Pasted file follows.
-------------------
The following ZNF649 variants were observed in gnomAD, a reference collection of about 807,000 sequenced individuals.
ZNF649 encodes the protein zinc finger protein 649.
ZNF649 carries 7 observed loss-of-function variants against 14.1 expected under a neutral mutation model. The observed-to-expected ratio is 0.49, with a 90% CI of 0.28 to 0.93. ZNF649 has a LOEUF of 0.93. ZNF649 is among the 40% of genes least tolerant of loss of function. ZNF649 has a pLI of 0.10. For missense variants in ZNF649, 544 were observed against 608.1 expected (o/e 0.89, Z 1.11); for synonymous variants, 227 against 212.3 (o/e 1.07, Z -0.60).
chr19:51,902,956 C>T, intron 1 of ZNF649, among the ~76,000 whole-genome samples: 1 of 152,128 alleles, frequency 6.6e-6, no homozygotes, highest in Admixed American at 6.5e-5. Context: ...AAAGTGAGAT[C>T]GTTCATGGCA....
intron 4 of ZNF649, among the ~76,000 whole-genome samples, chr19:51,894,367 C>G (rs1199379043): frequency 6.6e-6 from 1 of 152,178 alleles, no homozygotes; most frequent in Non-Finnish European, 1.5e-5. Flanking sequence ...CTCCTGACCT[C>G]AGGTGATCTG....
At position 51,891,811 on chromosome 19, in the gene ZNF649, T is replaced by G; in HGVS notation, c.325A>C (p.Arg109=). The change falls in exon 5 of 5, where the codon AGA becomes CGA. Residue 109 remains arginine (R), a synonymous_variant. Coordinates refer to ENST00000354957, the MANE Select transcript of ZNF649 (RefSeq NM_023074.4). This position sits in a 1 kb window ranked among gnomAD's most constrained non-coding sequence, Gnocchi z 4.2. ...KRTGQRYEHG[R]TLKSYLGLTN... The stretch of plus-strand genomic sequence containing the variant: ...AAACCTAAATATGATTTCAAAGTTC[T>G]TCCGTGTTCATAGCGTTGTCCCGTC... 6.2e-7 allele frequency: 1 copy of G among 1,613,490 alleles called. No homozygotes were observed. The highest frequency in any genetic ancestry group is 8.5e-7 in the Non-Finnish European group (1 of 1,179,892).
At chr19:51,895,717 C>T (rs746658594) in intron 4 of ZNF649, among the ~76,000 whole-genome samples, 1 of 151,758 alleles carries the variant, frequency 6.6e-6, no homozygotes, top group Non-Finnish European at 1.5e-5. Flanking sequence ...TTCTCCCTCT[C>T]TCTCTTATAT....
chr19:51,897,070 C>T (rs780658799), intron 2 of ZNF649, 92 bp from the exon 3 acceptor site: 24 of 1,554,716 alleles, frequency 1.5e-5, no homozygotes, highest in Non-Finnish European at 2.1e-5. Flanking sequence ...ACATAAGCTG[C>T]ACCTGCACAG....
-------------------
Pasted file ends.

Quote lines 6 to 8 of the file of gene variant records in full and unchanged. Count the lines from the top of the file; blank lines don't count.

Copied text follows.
At position 51,891,811 on chromosome 19, in the gene ZNF649, T is replaced by G; in HGVS notation, c.325A>C (p.Arg109=). The change falls in exon 5 of 5, where the codon AGA becomes CGA. Residue 109 remains arginine (R), a synonymous_variant. Coordinates refer to ENST00000354957, the MANE Select transcript of ZNF649 (RefSeq NM_023074.4). This position sits in a 1 kb window ranked among gnomAD's most constrained non-coding sequence, Gnocchi z 4.2. ...KRTGQRYEHG[R]TLKSYLGLTN... The stretch of plus-strand genomic sequence containing the variant: ...AAACCTAAATATGATTTCAAAGTTC[T>G]TCCGTGTTCATAGCGTTGTCCCGTC... 6.2e-7 allele frequency: 1 copy of G among 1,613,490 alleles called. No homozygotes were observed. The highest frequency in any genetic ancestry group is 8.5e-7 in the Non-Finnish European group (1 of 1,179,892).
At chr19:51,895,717 C>T (rs746658594) in intron 4 of ZNF649, among the ~76,000 whole-genome samples, 1 of 151,758 alleles carries the variant, frequency 6.6e-6, no homozygotes, top group Non-Finnish European at 1.5e-5. Flanking sequence ...TTCTCCCTCT[C>T]TCTCTTATAT....
chr19:51,897,070 C>T (rs780658799), intron 2 of ZNF649, 92 bp from the exon 3 acceptor site: 24 of 1,554,716 alleles, frequency 1.5e-5, no homozygotes, highest in Non-Finnish European at 2.1e-5. Flanking sequence ...ACATAAGCTG[C>T]ACCTGCACAG....